WE’VE HEARD A RALLYing cry this week against Solomon. Forty-six Harvard Law School faculty have signed a letter to President Summers urging him to either join the present litigation challenging the amendment or to initiate a separate legal action on behalf of the school. The letter did not criticize Harvard Law School for allowing military recruiters full access to OCS services in exchange for hundreds of millions of dollars in federal funding. The letter did not claim that Harvard University had traded in the civil rights of some for a considerable amount of cash. The letter was much more concise and to the point.
The letter simply stated HLS’s non-discrimination policy, affirmed the military does not follow that policy, and urged Summers to either initiate or join litigation. It is a rallying cry for action against Solomon, however soft it may sound when compared to the litigation that has already been filed by many prominent faculty and educational institutions across the country. But it is a rallying cry nonetheless and Summers will have to listen lest he be excused of silencing more than the claims for justice by a slightly larger group than the faculty, though certainly less powerful, constituency at the Law School.
So now the ball is in Summers’s court, and will be again when Lambda delivers its petition to him. There is no doubt Summers will need to respond to these challenges and state why Harvard University will not join or initiate a lawsuit challenging Solomon. Perhaps Summers really feels that those schools who publicly file suit against the Department of Defense will face the wrath of Secretary Rumsfeld or the holder of the purse strings (Congress). If so, he needs to say so and not issue a vague e-mail detailing the school’s non-discrimination policy and how the changed military policy no longer allows the school to comply with that policy. The Law School and its students and faculty already know that. The question now is why legal action is either unnecessary, or necessary but implausible.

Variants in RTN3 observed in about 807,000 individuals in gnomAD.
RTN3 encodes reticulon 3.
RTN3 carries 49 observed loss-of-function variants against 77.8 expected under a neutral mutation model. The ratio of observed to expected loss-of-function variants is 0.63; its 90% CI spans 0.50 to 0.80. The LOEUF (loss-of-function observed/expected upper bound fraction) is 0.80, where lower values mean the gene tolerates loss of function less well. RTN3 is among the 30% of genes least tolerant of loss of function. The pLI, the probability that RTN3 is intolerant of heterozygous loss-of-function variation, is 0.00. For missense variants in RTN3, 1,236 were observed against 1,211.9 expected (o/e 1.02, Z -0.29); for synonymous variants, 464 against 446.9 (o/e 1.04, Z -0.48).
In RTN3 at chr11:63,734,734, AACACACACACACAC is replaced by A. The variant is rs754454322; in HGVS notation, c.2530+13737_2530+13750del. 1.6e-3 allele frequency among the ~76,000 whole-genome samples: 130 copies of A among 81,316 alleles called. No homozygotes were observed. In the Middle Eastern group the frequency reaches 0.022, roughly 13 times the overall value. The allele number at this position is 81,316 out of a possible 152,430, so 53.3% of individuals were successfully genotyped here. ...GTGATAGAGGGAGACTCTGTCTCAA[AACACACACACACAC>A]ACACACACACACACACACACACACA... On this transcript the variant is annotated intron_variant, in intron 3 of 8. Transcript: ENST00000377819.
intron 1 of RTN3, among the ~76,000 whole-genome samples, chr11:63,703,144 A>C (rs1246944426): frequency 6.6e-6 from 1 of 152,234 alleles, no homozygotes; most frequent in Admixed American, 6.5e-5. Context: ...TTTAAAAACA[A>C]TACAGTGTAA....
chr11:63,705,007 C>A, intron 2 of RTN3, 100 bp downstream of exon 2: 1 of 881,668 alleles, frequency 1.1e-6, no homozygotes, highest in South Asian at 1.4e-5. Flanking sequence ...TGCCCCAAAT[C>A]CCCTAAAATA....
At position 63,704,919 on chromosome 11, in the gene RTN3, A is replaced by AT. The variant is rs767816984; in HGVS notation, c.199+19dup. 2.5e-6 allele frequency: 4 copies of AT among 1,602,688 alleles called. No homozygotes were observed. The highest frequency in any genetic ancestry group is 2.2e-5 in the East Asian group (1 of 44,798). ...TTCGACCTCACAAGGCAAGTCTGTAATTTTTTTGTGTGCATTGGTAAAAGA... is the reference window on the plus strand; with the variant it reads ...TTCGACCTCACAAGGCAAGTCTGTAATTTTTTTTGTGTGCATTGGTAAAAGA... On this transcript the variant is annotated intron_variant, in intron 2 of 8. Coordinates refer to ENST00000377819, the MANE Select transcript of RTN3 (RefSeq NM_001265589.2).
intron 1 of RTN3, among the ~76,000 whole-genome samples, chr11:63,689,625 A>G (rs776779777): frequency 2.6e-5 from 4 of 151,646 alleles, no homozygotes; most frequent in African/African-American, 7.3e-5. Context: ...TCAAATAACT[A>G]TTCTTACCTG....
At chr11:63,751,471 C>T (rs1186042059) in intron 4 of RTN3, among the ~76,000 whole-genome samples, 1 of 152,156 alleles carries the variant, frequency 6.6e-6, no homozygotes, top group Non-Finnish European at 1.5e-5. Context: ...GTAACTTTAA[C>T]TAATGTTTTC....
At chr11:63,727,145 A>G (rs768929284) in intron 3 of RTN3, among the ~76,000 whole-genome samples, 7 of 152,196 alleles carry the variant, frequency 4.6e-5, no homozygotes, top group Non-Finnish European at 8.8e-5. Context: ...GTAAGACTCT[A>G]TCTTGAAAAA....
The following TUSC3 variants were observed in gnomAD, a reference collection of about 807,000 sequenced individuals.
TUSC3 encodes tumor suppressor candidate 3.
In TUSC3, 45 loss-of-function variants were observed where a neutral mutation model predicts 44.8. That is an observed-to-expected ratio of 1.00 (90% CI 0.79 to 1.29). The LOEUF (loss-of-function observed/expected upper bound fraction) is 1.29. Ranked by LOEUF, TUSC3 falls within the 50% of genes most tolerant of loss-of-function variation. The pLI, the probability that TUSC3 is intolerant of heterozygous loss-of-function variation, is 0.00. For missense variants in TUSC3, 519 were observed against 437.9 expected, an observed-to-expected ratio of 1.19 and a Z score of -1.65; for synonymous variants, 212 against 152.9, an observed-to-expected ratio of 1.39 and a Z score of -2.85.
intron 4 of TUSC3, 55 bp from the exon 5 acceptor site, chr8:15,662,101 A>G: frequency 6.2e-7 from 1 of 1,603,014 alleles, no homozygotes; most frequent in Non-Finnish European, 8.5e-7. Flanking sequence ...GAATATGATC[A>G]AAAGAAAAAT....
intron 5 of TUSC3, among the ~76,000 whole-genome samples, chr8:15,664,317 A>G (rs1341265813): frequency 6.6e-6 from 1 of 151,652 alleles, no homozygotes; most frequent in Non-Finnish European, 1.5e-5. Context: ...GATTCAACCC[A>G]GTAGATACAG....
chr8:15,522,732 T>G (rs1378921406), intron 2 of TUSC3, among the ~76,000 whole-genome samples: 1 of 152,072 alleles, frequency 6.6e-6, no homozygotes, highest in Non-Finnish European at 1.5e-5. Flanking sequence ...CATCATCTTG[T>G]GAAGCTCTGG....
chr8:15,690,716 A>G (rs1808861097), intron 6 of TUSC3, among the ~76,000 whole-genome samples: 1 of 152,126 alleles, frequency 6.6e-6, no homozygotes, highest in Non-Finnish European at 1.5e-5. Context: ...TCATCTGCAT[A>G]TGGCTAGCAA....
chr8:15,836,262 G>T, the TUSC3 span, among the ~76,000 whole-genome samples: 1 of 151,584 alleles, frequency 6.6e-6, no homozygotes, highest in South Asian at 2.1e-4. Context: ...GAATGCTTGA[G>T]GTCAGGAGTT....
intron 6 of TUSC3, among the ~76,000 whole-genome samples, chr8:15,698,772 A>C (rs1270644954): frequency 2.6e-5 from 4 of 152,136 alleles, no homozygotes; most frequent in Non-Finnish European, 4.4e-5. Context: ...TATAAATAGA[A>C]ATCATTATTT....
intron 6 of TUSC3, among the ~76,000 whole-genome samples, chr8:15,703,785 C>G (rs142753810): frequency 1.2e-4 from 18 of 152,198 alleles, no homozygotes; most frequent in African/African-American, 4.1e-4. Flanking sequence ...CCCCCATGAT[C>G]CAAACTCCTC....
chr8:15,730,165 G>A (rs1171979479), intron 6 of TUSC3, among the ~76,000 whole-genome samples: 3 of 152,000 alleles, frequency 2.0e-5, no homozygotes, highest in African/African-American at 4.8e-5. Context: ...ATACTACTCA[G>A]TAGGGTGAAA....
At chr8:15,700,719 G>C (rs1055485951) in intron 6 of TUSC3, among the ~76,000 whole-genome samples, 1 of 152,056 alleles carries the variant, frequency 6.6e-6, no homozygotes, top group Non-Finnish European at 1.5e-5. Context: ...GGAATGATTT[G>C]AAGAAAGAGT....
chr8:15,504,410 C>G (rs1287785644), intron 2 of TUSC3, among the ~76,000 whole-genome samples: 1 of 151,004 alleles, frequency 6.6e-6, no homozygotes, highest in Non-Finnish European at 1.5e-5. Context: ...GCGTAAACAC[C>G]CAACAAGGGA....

Summers must engage students and faculty in a meaningful discussion on the pros and cons of filing a lawsuit. A town hall would be a perfect opportunity to allow students and faculty on both sides of the issue a chance to question the administration on its decision and voice concern or support. Individuals from both sides of the issue are needed for a meaningful discussion to take place and an effective moderator who can police the event would help to keep the meeting on track.
A town hall meeting shows students to some extent that their concerns are being heard by the university administration. Meetings with student organizations can be productive, but such meetings are rarely publicized outside of those specific groups and do little to assuage a general feeling among the student body that our anxieties rarely reach even the faculty, let alone the president of the university.
Summers held a town hall meeting last year to discuss the new HLS dean, and while Solomon issues did arise at the time, the focus remained on the dean selection process. Another town hall meeting is needed this fall that focuses solely on the Solomon issue.